2600x speedup for GA? Is this fake?

In a paper published by two researchers from Brno University of Technology, the researchers claim that they’ve achieved speedup of a Genetic Algorithm on GeForce8800GTX against Core i7 920 to be up to 2600x. At first sight, I was like: WOW!!! But then come to think about it, is this thing really possible? Could this kind of 1000+ speedup really be achieved? So I’m in doubt and am looking for some clues from people who have experience with GA on CUDA.
the paper can be found here: http://www.gpgpgpu.com/gecco2009/7.pdf
Actually I’ve googled the names of the researchers and didn’t find anything meaningful. The university is not a small one, though, with 22000+ students.

If this thing is real I’m gonna be so excited :w00t: !!! I’m only starting to play around with CUDA and my card is only GeForce 103M so cannot really confirm this myself.


one can achieve whatever factor you whish - just depends on how bad your cpu code is. Id say typical speed ups for reasonably well written codes are more in the region of 10-50 or so for comparing single gtx280 vs one core of a modern cpu. Much is depending her on the problem. If one would use a quad core nehalem (escpecially the better ones like Xeon 5550) and utilize all 4 cores (obviously the problem can be solved in parallel otherwise you would not talk about CUDA) the speedup vs a single 280GTX is probably more in line with 2-10. For comparing a single 8800gtx vs an i7 id exspect defintely speed ups of <10 if one compares against 4 cores of an i7. On the other hand I find it more easy to write good code with CUDA when say using MPI or so for parallel code on a cpu. Also you can have two GPUs in one chassis with realtively low extra costs, and two GPU programs will hardly slow each other down.

Here is a thread which discusses more of that topic:


(its worth reading especially the fact that people could speed up the cpu code of the original poster by a factor of 1000 after optimizin the cpu code).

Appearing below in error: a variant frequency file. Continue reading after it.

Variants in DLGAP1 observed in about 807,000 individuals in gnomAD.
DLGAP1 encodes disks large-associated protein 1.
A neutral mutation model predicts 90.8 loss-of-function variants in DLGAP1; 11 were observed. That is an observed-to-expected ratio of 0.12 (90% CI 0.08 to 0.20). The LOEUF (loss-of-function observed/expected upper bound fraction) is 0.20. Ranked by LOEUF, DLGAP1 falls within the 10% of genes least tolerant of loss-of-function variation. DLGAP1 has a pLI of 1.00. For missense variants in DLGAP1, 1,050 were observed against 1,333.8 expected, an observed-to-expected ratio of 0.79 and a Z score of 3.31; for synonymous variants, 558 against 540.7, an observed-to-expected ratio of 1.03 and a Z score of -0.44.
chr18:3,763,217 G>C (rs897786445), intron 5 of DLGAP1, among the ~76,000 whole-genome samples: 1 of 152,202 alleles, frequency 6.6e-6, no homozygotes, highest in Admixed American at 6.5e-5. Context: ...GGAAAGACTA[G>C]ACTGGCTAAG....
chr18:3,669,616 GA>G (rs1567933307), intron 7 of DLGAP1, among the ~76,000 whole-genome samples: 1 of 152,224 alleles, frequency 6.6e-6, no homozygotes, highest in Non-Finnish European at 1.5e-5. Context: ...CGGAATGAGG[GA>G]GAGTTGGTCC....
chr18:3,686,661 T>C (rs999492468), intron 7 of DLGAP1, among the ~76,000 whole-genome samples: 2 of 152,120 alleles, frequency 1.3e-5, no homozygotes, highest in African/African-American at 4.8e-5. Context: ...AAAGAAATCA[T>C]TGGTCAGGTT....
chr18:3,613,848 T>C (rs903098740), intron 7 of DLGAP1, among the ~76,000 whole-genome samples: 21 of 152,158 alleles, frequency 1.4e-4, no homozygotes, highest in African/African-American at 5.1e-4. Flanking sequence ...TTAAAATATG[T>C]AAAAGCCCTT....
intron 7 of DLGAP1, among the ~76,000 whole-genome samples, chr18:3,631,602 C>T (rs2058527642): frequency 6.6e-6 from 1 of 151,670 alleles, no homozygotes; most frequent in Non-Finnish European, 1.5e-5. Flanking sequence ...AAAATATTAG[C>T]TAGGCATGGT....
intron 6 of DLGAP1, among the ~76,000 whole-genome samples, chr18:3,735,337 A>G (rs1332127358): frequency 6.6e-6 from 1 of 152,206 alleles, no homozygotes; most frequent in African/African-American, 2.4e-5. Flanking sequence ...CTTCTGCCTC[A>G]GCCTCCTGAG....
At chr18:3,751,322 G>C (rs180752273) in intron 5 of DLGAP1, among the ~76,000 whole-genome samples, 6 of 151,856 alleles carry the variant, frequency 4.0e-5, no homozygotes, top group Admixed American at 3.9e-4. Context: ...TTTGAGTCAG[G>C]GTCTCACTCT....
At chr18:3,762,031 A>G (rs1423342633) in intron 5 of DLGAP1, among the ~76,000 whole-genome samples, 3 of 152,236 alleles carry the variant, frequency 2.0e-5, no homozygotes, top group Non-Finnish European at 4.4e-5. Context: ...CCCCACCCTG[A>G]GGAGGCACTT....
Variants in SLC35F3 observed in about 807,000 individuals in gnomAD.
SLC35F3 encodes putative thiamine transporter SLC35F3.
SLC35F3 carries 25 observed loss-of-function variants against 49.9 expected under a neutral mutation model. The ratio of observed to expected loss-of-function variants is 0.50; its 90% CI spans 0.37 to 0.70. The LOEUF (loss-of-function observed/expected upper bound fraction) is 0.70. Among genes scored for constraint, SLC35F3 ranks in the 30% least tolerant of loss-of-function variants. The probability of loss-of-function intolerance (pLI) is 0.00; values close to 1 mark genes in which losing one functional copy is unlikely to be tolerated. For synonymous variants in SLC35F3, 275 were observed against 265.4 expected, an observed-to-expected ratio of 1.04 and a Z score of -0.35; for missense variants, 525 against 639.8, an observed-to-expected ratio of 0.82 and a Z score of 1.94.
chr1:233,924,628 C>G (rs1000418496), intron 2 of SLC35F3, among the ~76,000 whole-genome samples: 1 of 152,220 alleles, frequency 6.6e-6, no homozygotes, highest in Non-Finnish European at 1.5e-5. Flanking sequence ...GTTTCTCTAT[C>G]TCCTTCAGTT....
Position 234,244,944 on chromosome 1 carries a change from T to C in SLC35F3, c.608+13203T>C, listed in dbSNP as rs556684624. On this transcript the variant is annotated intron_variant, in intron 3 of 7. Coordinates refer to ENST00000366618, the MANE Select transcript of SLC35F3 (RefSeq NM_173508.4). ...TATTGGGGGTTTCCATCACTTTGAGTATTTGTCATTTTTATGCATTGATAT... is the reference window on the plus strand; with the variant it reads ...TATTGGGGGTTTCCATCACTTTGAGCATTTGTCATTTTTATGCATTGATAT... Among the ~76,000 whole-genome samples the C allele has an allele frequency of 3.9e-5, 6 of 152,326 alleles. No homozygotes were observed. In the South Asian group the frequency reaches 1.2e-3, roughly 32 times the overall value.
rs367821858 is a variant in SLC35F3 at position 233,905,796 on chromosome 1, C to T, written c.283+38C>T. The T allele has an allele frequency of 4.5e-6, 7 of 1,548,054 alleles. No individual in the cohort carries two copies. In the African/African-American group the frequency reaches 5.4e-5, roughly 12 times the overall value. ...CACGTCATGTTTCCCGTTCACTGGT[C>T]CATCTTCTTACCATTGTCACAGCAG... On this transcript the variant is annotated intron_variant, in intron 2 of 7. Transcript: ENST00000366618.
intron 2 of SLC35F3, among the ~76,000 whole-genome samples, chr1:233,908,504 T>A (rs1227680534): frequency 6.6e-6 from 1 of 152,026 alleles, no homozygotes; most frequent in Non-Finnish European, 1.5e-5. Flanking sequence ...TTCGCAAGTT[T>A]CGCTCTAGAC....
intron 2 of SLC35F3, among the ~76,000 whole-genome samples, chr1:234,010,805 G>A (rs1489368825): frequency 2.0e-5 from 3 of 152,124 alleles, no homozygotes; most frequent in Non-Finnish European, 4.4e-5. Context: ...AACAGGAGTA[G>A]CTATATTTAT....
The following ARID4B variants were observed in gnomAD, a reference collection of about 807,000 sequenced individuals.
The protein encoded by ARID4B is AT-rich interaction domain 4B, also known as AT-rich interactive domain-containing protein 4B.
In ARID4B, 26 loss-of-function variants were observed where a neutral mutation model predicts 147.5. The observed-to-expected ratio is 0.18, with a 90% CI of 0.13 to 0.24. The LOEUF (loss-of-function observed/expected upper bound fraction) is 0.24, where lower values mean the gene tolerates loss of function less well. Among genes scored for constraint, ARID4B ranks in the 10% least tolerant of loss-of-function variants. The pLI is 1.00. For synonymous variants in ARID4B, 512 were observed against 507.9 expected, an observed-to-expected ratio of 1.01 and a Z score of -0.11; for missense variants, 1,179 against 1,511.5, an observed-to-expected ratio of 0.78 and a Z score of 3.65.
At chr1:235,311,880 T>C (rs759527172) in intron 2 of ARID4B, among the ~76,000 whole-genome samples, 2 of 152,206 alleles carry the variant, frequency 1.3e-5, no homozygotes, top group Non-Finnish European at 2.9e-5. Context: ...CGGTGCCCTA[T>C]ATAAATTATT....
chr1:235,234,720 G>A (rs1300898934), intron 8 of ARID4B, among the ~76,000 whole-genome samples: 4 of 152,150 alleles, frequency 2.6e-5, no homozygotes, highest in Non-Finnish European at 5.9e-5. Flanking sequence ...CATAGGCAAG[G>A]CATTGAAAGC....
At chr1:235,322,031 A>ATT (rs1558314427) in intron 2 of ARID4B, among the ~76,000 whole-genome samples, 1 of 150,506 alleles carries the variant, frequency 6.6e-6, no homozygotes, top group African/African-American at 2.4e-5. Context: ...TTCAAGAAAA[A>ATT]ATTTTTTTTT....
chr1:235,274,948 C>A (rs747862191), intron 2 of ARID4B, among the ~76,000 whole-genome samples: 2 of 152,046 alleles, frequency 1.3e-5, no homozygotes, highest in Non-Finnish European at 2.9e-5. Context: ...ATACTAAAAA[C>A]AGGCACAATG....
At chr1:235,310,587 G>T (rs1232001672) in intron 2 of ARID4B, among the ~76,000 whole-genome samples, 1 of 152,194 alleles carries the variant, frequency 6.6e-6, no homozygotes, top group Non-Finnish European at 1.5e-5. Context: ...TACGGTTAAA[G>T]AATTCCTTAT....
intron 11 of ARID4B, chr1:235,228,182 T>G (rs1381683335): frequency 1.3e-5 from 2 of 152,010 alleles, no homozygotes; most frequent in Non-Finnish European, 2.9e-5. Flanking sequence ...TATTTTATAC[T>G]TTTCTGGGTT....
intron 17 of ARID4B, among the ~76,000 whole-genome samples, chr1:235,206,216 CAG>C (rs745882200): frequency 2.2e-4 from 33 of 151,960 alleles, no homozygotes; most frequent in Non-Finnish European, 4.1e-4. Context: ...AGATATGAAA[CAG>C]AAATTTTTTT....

Best regards

A x2600 sounds indeed too high :) as ceearem said - it is probably because of a bad CPU code.

As for the other remark, of comparing one GPU vs the 4 cores of a quad - this is also misleading.
I think the compare should be a single GPU vs a single CPU core. You can easily put 4 or 8 GPUs in a system
making it equal to the numbers of CPU cores. so the speedup will remain the same.


It probably means they had a very crappy CPU reference implementation (which is not at all uncommon).

Depending on the nature of the compute task, the natural upper bound on speed-up should be the ratios of peak memory bandwidth and peak flops between the cpu and gpu. That should be about an order of magnitude for a current quad core CPU and a GT200 based GPU. Applications which perform a lot of interpolation or filtering can achieve higher speed-up if the code can exploit the GPU texture hardware well - that collapses (memory fetch + flops) on the CPU to just (memory fetch) on the GPU.

I agree that this is possible, on the other hand code often does not scale as well over multiple GPUs as over multiple cores of one cpu, since you can use shared memory in the latter case, while you have to do slow synchronization over PCIe in the former case. Thats why I added that one reason why a factor of 2-10 vs a Quad core CPU is not bad at all when you consider that you could run two or more instances of the programm when adding additional GPUs to the system which is not as costly as adding additional CPUs.